If you're interested in taking this time to sort out your goals before embarking the super expensive venture of higher education, know that you’re not alone. The practice of the “gap year” is actually trending in the US in the last few years, and there are plenty of solid reasons why:
Your Brain Could Really Use The Break From Academia
For the past four years of your life, you've had at least seven teachers, plus coaches, plus club sponsors, and half a dozen other miscellaneous community members doing everything they could to shove information into your brain. They were all very well-intentioned in their attempts to teach you the best way they knew how. Unfortunately, the best way they knew how kind of resulted in your brain feeling like it run over by a steam-roller. Give yourself a chance to reset before you head off to college, where you'll actually want to retain everything you learn.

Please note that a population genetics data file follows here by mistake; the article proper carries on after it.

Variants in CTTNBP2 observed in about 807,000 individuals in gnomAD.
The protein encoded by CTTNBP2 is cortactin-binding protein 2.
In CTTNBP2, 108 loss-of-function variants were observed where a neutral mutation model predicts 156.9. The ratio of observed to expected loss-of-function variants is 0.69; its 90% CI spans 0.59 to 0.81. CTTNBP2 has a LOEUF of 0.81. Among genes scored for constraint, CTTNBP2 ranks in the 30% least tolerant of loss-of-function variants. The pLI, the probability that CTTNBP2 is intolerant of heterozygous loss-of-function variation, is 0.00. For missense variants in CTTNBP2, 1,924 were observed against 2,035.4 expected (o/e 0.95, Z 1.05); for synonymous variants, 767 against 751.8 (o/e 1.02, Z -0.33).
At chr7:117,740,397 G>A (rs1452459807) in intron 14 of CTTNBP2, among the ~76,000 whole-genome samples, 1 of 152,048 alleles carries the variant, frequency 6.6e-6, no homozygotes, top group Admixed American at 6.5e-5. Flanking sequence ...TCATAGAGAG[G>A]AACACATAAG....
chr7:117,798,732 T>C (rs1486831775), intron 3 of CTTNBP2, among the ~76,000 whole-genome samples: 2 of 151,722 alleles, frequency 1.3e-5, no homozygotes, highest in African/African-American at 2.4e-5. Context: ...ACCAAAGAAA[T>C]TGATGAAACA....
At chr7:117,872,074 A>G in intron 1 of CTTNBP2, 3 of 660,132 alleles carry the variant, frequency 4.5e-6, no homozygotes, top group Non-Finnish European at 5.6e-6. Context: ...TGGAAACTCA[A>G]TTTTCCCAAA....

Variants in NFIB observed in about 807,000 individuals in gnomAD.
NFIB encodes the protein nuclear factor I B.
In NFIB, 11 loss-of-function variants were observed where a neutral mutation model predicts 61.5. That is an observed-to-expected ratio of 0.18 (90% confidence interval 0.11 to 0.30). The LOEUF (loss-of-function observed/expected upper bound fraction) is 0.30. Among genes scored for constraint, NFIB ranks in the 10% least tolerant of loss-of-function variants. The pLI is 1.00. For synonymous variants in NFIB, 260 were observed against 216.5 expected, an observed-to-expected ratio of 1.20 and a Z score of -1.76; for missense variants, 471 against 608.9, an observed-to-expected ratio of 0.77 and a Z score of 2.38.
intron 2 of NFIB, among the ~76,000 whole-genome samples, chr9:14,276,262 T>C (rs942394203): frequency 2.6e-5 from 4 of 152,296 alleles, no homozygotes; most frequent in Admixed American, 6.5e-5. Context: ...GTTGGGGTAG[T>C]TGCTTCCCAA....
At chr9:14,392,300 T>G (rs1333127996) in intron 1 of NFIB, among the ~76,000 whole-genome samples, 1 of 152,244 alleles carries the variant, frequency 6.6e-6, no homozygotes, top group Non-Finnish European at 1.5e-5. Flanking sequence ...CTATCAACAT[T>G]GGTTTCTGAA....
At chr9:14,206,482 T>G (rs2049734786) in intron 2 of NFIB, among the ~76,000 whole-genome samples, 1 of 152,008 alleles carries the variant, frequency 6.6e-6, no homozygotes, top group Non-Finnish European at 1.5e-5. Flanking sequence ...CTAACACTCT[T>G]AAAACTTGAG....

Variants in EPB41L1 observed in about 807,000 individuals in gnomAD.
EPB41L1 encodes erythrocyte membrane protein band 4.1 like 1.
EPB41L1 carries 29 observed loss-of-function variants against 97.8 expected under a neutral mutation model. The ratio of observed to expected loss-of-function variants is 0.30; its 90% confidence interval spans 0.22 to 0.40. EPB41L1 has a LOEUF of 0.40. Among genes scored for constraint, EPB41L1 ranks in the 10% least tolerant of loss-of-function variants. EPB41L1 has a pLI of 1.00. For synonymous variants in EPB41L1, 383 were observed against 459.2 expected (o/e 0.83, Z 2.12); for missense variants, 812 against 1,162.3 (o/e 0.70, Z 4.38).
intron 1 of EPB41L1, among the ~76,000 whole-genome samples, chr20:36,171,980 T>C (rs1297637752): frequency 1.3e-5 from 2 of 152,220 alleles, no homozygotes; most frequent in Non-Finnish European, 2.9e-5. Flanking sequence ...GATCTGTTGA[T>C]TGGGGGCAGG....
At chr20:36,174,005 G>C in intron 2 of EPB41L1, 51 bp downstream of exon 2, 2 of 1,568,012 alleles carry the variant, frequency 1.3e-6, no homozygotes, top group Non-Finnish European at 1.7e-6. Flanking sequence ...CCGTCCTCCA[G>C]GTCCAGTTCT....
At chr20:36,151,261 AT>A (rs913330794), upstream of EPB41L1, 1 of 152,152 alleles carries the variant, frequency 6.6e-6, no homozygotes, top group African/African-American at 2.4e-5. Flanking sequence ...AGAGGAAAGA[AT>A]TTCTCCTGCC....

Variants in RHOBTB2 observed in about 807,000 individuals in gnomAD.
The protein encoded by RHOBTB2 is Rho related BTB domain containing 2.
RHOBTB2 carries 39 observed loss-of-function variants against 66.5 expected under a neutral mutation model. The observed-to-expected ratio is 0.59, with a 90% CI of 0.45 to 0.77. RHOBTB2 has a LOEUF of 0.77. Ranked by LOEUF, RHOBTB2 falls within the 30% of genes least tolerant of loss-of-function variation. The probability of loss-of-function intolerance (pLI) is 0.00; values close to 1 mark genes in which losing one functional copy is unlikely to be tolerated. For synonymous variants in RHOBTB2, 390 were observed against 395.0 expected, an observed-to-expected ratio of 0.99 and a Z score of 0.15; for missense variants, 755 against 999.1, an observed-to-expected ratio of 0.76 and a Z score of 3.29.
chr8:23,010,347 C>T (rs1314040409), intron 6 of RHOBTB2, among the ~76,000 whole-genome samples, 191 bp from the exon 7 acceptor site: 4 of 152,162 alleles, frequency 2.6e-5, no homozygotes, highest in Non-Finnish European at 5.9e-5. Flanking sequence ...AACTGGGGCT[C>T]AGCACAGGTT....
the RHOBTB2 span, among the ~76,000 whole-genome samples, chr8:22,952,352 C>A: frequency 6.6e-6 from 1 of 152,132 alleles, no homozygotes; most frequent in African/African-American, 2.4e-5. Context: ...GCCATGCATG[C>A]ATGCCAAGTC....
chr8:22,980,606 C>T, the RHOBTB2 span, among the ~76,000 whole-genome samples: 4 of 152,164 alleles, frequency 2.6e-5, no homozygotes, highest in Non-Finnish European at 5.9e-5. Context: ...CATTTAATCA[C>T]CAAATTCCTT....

You Need To Become More Independent
Here's the truth: most colleges are glorified babysitting facilities. It is a microscopic, dollhouse version of what the real world is like. You live in a dorm where there is an RA paid to keep track of you and have a fancy little ID card that gets you freshly-prepared food whenever you want.
And there isn't anything wrong with that. But I promise, if you take a gap year, you'll have more perspective on what the actual real world is like. (And you'll know that John Mayer was wrong: there is such a thing.)
You Get To Learn From Your Peers’ Mistakes
Most of your friends will probably head off to college,
which means come August after graduation, your newsfeed is going to blow up